Superhero Science

Reviews / by Erin Torneo /

New exhibit at the California Science Center explains the fundamentals behind comic book phenomena.

Marvelmainwide.jpg Credit: Leroy Hamilton. © 2006 MARVEL

It was the California Science Center in downtown Los Angeles, but, when the Marvel Super Heroes Science Exhibition opened last week, it may as well have been Universal Studios Hollywood. A far cry from the relatively mundane 2nd grade class field trips from my childhood, this educational extravaganza reveals the real-life science behind the mythic superpowers of Marvel comic book characters.

The screaming began as soon as the hordes of school children stepped onto the elevator going up to the “Marvel Universe.” And it didn’t stop. In fact, the kids were instructed to scream like the sonically gifted Banshee when they entered an area dubbed the “Danger Room,” after the X-Men‘s training facility. Just outside, a handy chart compared the decibel levels for various sounds and the length of time the human ear can withstand them before sustaining damage—for instance, the ear can handle up to two minutes of the 110 dbs pumped out at the front row during a rock show. Interestingly, the chart didn’t measure the decibel level for the collective pitch of 10-year-olds hell-bent on shattering the anti-mutant Sentinel robot onscreen. I’d peg exposure before injury (or psychosis) to be 30 seconds, tops.

Spider-Man, thankfully, had a more tactile, rather than audible, approach. His area focused on the Van der Waals forces—intermolecular attractions that give spiders (and him) the ability to walk on walls—but the chemistry lesson was a tough sell due to the TechnoraTM swing set nearby. What youngster wants to linger by a plaque covered with technical information when he could take a ride courtesy of a synthetic fiber that mimics the strength of arachnid webs or channel his inner Spidey on a climbing wall? Meanwhile, in the X-Men’s lair, the Xavier Institute for Higher Learning—which gleefully declares, “We’re ALL mutants!”—hosts exercises in genetics, states of matter, biotechnology and magnetic fields, a nod to their chief antagonist, Magneto.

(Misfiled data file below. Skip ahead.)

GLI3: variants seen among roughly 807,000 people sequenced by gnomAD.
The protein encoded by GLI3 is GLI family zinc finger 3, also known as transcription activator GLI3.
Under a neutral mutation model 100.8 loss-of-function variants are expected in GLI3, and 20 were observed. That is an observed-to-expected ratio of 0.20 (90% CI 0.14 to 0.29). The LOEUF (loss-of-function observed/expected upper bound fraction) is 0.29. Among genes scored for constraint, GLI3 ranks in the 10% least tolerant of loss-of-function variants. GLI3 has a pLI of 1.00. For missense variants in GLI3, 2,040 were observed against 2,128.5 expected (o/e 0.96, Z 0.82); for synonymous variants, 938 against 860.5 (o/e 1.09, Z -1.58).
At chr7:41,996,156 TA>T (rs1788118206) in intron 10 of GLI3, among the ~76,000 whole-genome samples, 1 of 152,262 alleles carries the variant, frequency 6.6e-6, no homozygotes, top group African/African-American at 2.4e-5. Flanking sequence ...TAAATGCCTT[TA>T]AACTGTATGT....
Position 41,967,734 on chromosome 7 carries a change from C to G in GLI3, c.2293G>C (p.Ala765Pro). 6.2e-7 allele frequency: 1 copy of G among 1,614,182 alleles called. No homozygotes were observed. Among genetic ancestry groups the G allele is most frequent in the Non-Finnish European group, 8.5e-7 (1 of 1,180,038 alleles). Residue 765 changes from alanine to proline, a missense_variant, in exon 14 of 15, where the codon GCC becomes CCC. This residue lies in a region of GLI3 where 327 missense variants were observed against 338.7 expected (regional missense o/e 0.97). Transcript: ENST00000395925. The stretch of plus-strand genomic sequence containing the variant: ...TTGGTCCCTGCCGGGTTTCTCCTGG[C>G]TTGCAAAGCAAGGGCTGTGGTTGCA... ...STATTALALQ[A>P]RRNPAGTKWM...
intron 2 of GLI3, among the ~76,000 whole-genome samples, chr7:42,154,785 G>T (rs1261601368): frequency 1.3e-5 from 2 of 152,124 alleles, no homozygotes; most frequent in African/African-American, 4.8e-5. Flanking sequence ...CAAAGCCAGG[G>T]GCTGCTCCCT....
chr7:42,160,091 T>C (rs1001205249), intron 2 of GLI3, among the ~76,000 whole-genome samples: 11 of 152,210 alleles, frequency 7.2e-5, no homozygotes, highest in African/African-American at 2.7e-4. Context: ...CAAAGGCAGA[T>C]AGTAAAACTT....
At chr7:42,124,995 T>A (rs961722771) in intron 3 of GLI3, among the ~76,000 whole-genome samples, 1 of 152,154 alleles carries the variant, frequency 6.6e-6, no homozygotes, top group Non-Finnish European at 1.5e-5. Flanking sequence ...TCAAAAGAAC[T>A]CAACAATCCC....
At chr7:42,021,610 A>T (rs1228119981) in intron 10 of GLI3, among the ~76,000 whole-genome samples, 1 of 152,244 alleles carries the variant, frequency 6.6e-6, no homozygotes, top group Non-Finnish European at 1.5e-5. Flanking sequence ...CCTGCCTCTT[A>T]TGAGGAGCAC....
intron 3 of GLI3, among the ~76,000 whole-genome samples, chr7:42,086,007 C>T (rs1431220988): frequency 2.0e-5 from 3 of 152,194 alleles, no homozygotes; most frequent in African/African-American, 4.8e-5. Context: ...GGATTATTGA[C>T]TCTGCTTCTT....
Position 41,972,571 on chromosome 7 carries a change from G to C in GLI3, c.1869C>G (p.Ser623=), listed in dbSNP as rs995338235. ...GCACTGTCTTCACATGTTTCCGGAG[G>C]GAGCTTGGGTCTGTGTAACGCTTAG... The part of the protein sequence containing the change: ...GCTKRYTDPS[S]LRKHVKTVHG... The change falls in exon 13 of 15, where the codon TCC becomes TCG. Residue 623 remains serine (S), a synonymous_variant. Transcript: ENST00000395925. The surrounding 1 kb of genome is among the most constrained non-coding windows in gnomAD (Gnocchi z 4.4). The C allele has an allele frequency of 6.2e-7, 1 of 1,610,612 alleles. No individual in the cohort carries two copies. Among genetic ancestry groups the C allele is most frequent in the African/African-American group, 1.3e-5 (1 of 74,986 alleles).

For the more cerebral visitor, the Hulk setup offers a gazebo-like structure with a brain for a roof, providing a portal into the man/monster’s head to investigate the neurological centers of rage. An added funhouse attraction is the mirrors in which one can master the seven universal expressions: anger, happiness, fear, surprise, disgust, sadness and contempt. No introduction to brain science would be complete without mentioning Phineas Gage, the 19th century man who survived a steel rod through the head, but survived only to suffer severe personality shifts due to damage to his prefrontal cortex. As I grabbed a large metal rod and steered it into the overhead gray matter, inducing Bruce Banner’s transformation into the not-so-jolly green beast, I couldn’t help but think of poor Phineas. Later, the Hulk appeared in person—alas, only an opening day treat—sending children scrambling for cover in the brain shack until they were convinced that his amygdala was in check.

From stepping into the exoskeleton machine to lift a compact SUV with the ease of the AvengersIron Man to the gallery detailing the fascinating history of Marvel comics and American culture, getting schooled in science couldn’t be more splendidly subliminal.

Originally published April 5, 2006

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